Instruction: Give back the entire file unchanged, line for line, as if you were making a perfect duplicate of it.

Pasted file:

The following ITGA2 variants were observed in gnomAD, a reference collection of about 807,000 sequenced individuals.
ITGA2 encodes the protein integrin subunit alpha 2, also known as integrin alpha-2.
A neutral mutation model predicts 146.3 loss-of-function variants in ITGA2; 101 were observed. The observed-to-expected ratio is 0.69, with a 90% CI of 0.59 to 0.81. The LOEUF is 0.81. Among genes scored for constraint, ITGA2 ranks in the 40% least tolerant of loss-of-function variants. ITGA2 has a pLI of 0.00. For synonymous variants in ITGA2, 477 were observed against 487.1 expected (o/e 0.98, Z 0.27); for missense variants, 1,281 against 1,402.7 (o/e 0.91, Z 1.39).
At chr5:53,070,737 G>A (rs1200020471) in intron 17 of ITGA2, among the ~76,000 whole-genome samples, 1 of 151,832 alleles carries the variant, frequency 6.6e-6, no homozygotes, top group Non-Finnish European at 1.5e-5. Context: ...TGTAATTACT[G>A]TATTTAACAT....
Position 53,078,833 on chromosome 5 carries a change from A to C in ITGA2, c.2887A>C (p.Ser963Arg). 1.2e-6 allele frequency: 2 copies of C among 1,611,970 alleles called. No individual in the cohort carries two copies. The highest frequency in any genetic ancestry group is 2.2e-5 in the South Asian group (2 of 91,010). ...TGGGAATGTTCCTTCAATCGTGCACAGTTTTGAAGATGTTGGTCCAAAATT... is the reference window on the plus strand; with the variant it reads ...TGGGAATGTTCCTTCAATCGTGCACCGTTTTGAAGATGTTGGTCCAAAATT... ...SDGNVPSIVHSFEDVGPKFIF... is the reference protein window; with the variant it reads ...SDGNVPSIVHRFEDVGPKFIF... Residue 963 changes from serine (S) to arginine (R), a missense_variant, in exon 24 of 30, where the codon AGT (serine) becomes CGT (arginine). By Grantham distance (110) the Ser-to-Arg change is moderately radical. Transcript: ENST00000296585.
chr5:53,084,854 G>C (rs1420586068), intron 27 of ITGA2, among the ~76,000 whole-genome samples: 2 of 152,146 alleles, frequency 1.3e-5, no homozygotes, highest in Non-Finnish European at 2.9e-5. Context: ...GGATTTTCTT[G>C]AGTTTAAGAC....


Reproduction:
The following ITGA2 variants were observed in gnomAD, a reference collection of about 807,000 sequenced individuals.
ITGA2 encodes the protein integrin subunit alpha 2, also known as integrin alpha-2.
A neutral mutation model predicts 146.3 loss-of-function variants in ITGA2; 101 were observed. The observed-to-expected ratio is 0.69, with a 90% CI of 0.59 to 0.81. The LOEUF is 0.81. Among genes scored for constraint, ITGA2 ranks in the 40% least tolerant of loss-of-function variants. ITGA2 has a pLI of 0.00. For synonymous variants in ITGA2, 477 were observed against 487.1 expected (o/e 0.98, Z 0.27); for missense variants, 1,281 against 1,402.7 (o/e 0.91, Z 1.39).
At chr5:53,070,737 G>A (rs1200020471) in intron 17 of ITGA2, among the ~76,000 whole-genome samples, 1 of 151,832 alleles carries the variant, frequency 6.6e-6, no homozygotes, top group Non-Finnish European at 1.5e-5. Context: ...TGTAATTACT[G>A]TATTTAACAT....
Position 53,078,833 on chromosome 5 carries a change from A to C in ITGA2, c.2887A>C (p.Ser963Arg). 1.2e-6 allele frequency: 2 copies of C among 1,611,970 alleles called. No individual in the cohort carries two copies. The highest frequency in any genetic ancestry group is 2.2e-5 in the South Asian group (2 of 91,010). ...TGGGAATGTTCCTTCAATCGTGCACAGTTTTGAAGATGTTGGTCCAAAATT... is the reference window on the plus strand; with the variant it reads ...TGGGAATGTTCCTTCAATCGTGCACCGTTTTGAAGATGTTGGTCCAAAATT... ...SDGNVPSIVHSFEDVGPKFIF... is the reference protein window; with the variant it reads ...SDGNVPSIVHRFEDVGPKFIF... Residue 963 changes from serine (S) to arginine (R), a missense_variant, in exon 24 of 30, where the codon AGT (serine) becomes CGT (arginine). By Grantham distance (110) the Ser-to-Arg change is moderately radical. Transcript: ENST00000296585.
chr5:53,084,854 G>C (rs1420586068), intron 27 of ITGA2, among the ~76,000 whole-genome samples: 2 of 152,146 alleles, frequency 1.3e-5, no homozygotes, highest in Non-Finnish European at 2.9e-5. Context: ...GGATTTTCTT[G>C]AGTTTAAGAC....